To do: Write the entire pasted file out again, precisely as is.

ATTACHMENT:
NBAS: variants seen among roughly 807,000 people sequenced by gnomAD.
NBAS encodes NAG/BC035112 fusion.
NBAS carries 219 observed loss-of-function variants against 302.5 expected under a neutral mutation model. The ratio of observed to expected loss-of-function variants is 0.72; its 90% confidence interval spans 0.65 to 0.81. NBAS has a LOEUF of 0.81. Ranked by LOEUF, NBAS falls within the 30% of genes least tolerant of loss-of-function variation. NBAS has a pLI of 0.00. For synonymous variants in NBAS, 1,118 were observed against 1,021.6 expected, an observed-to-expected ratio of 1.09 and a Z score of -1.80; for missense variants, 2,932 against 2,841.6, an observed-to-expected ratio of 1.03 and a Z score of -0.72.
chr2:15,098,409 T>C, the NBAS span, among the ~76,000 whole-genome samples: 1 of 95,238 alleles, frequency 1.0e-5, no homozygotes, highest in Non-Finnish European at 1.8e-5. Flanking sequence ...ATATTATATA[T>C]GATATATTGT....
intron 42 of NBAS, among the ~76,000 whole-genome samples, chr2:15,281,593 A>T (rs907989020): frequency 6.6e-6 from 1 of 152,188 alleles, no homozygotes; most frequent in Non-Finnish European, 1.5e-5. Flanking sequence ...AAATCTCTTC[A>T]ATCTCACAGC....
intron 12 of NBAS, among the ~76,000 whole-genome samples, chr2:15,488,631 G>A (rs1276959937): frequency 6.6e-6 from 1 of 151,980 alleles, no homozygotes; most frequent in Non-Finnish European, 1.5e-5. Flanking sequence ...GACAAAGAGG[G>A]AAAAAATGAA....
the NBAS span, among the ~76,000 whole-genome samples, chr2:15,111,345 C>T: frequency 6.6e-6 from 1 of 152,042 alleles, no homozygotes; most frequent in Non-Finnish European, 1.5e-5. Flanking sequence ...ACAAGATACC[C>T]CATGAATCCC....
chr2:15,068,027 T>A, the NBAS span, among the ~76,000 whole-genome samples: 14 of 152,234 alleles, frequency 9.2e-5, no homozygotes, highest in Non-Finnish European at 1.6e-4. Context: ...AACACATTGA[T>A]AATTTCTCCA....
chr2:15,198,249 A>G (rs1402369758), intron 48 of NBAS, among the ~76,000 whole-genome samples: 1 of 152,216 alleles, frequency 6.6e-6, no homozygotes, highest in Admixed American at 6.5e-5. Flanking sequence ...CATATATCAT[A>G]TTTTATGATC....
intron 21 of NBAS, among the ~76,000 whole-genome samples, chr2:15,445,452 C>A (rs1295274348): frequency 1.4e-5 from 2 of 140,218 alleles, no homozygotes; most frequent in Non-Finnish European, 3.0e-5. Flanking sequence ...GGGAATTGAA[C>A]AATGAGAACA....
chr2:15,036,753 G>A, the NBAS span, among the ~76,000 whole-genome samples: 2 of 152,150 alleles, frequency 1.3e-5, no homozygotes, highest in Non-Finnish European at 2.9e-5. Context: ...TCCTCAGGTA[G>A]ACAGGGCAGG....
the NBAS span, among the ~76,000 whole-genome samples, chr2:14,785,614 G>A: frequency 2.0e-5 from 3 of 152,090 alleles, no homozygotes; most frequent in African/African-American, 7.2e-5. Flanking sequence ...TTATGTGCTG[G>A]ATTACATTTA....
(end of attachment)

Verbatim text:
NBAS: variants seen among roughly 807,000 people sequenced by gnomAD.
NBAS encodes NAG/BC035112 fusion.
NBAS carries 219 observed loss-of-function variants against 302.5 expected under a neutral mutation model. The ratio of observed to expected loss-of-function variants is 0.72; its 90% confidence interval spans 0.65 to 0.81. NBAS has a LOEUF of 0.81. Ranked by LOEUF, NBAS falls within the 30% of genes least tolerant of loss-of-function variation. NBAS has a pLI of 0.00. For synonymous variants in NBAS, 1,118 were observed against 1,021.6 expected, an observed-to-expected ratio of 1.09 and a Z score of -1.80; for missense variants, 2,932 against 2,841.6, an observed-to-expected ratio of 1.03 and a Z score of -0.72.
chr2:15,098,409 T>C, the NBAS span, among the ~76,000 whole-genome samples: 1 of 95,238 alleles, frequency 1.0e-5, no homozygotes, highest in Non-Finnish European at 1.8e-5. Flanking sequence ...ATATTATATA[T>C]GATATATTGT....
intron 42 of NBAS, among the ~76,000 whole-genome samples, chr2:15,281,593 A>T (rs907989020): frequency 6.6e-6 from 1 of 152,188 alleles, no homozygotes; most frequent in Non-Finnish European, 1.5e-5. Flanking sequence ...AAATCTCTTC[A>T]ATCTCACAGC....
intron 12 of NBAS, among the ~76,000 whole-genome samples, chr2:15,488,631 G>A (rs1276959937): frequency 6.6e-6 from 1 of 151,980 alleles, no homozygotes; most frequent in Non-Finnish European, 1.5e-5. Flanking sequence ...GACAAAGAGG[G>A]AAAAAATGAA....
the NBAS span, among the ~76,000 whole-genome samples, chr2:15,111,345 C>T: frequency 6.6e-6 from 1 of 152,042 alleles, no homozygotes; most frequent in Non-Finnish European, 1.5e-5. Flanking sequence ...ACAAGATACC[C>T]CATGAATCCC....
chr2:15,068,027 T>A, the NBAS span, among the ~76,000 whole-genome samples: 14 of 152,234 alleles, frequency 9.2e-5, no homozygotes, highest in Non-Finnish European at 1.6e-4. Context: ...AACACATTGA[T>A]AATTTCTCCA....
chr2:15,198,249 A>G (rs1402369758), intron 48 of NBAS, among the ~76,000 whole-genome samples: 1 of 152,216 alleles, frequency 6.6e-6, no homozygotes, highest in Admixed American at 6.5e-5. Flanking sequence ...CATATATCAT[A>G]TTTTATGATC....
intron 21 of NBAS, among the ~76,000 whole-genome samples, chr2:15,445,452 C>A (rs1295274348): frequency 1.4e-5 from 2 of 140,218 alleles, no homozygotes; most frequent in Non-Finnish European, 3.0e-5. Flanking sequence ...GGGAATTGAA[C>A]AATGAGAACA....
chr2:15,036,753 G>A, the NBAS span, among the ~76,000 whole-genome samples: 2 of 152,150 alleles, frequency 1.3e-5, no homozygotes, highest in Non-Finnish European at 2.9e-5. Context: ...TCCTCAGGTA[G>A]ACAGGGCAGG....
the NBAS span, among the ~76,000 whole-genome samples, chr2:14,785,614 G>A: frequency 2.0e-5 from 3 of 152,090 alleles, no homozygotes; most frequent in African/African-American, 7.2e-5. Flanking sequence ...TTATGTGCTG[G>A]ATTACATTTA....